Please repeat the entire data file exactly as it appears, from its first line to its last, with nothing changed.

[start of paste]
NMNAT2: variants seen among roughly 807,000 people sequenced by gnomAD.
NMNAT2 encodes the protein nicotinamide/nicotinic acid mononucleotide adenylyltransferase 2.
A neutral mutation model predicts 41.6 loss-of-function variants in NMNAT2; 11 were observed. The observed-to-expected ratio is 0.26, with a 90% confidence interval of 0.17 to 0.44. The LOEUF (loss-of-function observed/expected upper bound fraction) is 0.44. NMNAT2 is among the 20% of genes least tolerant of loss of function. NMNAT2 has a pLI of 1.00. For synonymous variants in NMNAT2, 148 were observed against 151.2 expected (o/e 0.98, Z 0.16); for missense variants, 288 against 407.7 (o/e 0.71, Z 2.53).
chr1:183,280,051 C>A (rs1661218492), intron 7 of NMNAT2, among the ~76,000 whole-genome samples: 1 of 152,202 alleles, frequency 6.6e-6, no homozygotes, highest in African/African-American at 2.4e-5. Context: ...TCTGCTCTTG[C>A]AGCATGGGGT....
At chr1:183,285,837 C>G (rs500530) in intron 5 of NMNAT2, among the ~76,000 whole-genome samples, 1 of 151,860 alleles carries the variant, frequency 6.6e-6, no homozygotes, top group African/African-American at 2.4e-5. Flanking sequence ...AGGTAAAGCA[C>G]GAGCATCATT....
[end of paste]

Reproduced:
NMNAT2: variants seen among roughly 807,000 people sequenced by gnomAD.
NMNAT2 encodes the protein nicotinamide/nicotinic acid mononucleotide adenylyltransferase 2.
A neutral mutation model predicts 41.6 loss-of-function variants in NMNAT2; 11 were observed. The observed-to-expected ratio is 0.26, with a 90% confidence interval of 0.17 to 0.44. The LOEUF (loss-of-function observed/expected upper bound fraction) is 0.44. NMNAT2 is among the 20% of genes least tolerant of loss of function. NMNAT2 has a pLI of 1.00. For synonymous variants in NMNAT2, 148 were observed against 151.2 expected (o/e 0.98, Z 0.16); for missense variants, 288 against 407.7 (o/e 0.71, Z 2.53).
chr1:183,280,051 C>A (rs1661218492), intron 7 of NMNAT2, among the ~76,000 whole-genome samples: 1 of 152,202 alleles, frequency 6.6e-6, no homozygotes, highest in African/African-American at 2.4e-5. Context: ...TCTGCTCTTG[C>A]AGCATGGGGT....
At chr1:183,285,837 C>G (rs500530) in intron 5 of NMNAT2, among the ~76,000 whole-genome samples, 1 of 151,860 alleles carries the variant, frequency 6.6e-6, no homozygotes, top group African/African-American at 2.4e-5. Flanking sequence ...AGGTAAAGCA[C>G]GAGCATCATT....